• "NK cells constitute a critical component of innate immunity and serve as a first line of defense against malignancy and viral infections , particularly herpesvirus infections (Biron et al., 1989; Orange, 2002; Vivier et al., 2011). Many recent studies have revealed adaptive immune or ''memory-like'' properties of NK cells, including long-term persistence and enhanced functional responsiveness, after pathogen infection or exposure to other stimuli (Bé ziat et al., 2012; Cooper et al., 2009; Foley et al., 2012; Gumá et al., 2004; Lopez-Vergè s et al., 2011; O'Leary et al., 2006; Paust et al., 2010; Petitdemange et al., 2011; Sun et al., 2009). Although some of these characteristics might be transient or reflect a pre-activation state, it is also possible that some NK cells have undergone stable changes that serve to maintain memory-like properties, analogous to changes that occur during the differentiation of memory T cells (Farber et al., 2014). "
    [Show abstract] [Hide abstract]
    ABSTRACT: Long-lived "memory-like" NK cells have been identified in individuals infected by human cytomegalovirus (HCMV), but little is known about how the memory-like NK cell pool is formed. Here, we have shown that HCMV-infected individuals have several distinct subsets of memory-like NK cells that are often deficient for multiple transcription factors and signaling proteins, including tyrosine kinase SYK, for which the reduced expression was stable over time and correlated with epigenetic modification of the gene promoter. Deficient expression of these proteins was largely confined to the recently discovered FcRγ-deficient NK cells that display enhanced antibody-dependent functional activity. Importantly, FcRγ-deficient NK cells exhibited robust preferential expansion in response to virus-infected cells (both HCMV and influenza) in an antibody-dependent manner. These findings suggest that the memory-like NK cell pool is shaped and maintained by a mechanism that involves both epigenetic modification of gene expression and antibody-dependent expansion. Copyright © 2015 Elsevier Inc. All rights reserved.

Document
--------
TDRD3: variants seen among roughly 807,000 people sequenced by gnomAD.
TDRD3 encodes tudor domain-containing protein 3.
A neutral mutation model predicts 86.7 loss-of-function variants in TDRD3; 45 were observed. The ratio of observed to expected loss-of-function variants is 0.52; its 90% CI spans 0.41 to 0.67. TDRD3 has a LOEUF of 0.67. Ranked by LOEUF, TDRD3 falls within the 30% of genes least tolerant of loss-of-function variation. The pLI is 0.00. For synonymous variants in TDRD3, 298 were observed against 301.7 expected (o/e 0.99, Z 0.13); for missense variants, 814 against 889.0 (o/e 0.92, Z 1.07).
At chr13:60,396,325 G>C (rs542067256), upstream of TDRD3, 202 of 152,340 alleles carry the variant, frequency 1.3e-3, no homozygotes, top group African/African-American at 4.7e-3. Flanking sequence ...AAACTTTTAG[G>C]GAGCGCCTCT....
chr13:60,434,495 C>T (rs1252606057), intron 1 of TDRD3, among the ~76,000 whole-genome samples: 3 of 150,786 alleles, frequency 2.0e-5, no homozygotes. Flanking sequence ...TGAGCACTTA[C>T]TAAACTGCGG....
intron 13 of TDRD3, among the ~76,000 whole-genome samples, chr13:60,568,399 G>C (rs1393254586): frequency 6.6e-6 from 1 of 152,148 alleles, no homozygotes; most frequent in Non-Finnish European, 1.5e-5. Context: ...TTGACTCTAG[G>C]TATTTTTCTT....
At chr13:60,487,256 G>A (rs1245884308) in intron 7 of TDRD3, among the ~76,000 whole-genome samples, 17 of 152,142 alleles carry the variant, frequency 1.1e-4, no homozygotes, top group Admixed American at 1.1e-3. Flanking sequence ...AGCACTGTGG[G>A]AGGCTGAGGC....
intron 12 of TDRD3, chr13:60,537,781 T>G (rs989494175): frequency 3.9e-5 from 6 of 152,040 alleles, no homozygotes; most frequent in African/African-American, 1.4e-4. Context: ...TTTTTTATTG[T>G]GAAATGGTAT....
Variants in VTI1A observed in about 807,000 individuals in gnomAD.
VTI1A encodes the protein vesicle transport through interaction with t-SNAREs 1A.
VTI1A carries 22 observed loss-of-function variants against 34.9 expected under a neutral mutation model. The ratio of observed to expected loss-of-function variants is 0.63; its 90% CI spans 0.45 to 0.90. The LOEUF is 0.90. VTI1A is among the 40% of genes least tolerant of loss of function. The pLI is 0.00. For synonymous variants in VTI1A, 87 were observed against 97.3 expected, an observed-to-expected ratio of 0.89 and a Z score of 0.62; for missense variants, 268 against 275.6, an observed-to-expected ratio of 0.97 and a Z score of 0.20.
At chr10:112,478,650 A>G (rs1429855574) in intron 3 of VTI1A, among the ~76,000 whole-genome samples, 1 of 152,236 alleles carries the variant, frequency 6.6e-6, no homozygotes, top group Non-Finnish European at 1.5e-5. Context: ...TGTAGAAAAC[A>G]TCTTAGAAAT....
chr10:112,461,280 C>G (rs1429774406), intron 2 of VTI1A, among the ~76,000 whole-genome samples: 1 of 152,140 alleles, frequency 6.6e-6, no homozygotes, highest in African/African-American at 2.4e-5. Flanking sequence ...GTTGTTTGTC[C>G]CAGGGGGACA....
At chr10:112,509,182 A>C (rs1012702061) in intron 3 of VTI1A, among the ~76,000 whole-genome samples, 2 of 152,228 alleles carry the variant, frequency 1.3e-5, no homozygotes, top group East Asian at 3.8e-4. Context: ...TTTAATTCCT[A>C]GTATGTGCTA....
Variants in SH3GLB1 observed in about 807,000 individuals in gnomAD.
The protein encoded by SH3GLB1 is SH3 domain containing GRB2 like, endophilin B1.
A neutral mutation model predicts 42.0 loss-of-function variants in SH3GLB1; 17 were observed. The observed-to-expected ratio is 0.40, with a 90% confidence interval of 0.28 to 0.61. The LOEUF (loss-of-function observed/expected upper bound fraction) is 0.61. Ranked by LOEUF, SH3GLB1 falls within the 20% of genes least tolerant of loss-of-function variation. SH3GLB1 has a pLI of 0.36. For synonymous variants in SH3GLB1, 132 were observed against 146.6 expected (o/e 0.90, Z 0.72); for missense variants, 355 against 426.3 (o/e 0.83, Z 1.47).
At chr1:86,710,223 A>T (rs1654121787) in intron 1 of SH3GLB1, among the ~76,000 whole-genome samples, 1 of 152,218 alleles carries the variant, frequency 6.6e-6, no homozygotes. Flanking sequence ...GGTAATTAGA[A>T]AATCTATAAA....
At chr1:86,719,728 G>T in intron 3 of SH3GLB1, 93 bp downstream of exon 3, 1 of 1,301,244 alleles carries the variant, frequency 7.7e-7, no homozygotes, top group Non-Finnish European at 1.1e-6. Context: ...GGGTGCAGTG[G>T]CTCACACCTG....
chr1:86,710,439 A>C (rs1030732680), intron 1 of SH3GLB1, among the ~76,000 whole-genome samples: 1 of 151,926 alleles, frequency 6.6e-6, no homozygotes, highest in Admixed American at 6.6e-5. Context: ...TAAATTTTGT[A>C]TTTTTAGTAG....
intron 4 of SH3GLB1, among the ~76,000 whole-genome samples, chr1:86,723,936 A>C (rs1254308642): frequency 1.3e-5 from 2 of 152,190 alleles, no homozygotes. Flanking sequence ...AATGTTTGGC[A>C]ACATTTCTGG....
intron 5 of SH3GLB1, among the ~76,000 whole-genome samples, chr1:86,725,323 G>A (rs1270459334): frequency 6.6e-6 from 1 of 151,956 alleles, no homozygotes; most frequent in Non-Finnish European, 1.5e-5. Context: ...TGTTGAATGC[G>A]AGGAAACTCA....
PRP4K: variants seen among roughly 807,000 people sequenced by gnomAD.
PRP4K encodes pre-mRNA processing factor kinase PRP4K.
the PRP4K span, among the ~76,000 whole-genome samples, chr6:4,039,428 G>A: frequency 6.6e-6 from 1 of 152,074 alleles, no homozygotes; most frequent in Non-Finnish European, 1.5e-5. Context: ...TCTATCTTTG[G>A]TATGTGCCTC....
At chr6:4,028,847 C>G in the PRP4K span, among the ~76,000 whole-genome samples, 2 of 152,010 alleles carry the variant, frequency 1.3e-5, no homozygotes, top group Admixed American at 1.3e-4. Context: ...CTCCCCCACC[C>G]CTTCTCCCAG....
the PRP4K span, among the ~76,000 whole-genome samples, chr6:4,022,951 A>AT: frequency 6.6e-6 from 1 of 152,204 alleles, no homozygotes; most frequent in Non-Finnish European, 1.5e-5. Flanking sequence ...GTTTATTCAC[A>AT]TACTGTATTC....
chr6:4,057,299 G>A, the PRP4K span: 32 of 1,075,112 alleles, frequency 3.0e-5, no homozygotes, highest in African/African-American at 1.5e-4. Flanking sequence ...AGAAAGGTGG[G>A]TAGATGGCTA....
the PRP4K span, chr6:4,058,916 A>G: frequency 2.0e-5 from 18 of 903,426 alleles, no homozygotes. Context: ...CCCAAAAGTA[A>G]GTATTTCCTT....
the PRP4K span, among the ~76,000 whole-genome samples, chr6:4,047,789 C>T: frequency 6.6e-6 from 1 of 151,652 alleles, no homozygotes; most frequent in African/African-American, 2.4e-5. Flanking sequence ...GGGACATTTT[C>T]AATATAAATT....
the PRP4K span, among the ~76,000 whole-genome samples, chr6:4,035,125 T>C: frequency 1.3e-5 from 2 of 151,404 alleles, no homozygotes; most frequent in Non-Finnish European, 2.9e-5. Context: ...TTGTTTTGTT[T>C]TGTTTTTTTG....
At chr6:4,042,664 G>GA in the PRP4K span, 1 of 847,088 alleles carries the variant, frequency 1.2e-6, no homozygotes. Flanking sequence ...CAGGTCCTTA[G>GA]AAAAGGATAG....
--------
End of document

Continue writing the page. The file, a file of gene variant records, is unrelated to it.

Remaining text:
Full-text · Article · Mar 2015 · Immunity
  • Source
    • "+ NK cells that persist for more than 25 days after infection with MCMV [Bezman et al., 2012; Nabekura et al., 2014; Sun et al., 2009a]; "
    [Show abstract] [Hide abstract]
    ABSTRACT: Recent studies have demonstrated that natural killer (NK) cells are able to undergo clonal expansion and contraction and to generate self-renewing memory cells after infection with mouse cytomegalovirus (MCMV). It is unclear whether all or only certain subsets preferentially contribute to the generation of memory NK cells. Here, we show that memory NK cells predominantly arise from killer cell lectin-like receptor G1 (KLRG1)-negative NK cell progenitors, whereas KLRG1-positive NK cells have limited capacity for expansion during infection with MCMV. Unexpectedly, the frequency of KLRG1-positive NK cells is significantly affected by the presence of T cells in the host and potentially by the host microbiota. Our findings demonstrate that excessive availability of interleukin (IL)-15 may erode the pool of memory progenitors, resulting in the decreased efficiency of memory generation in the NK cell lineage. Copyright © 2015 The Authors. Published by Elsevier Inc. All rights reserved.
    Full-text · Article · Jan 2015 · Cell Reports
Show more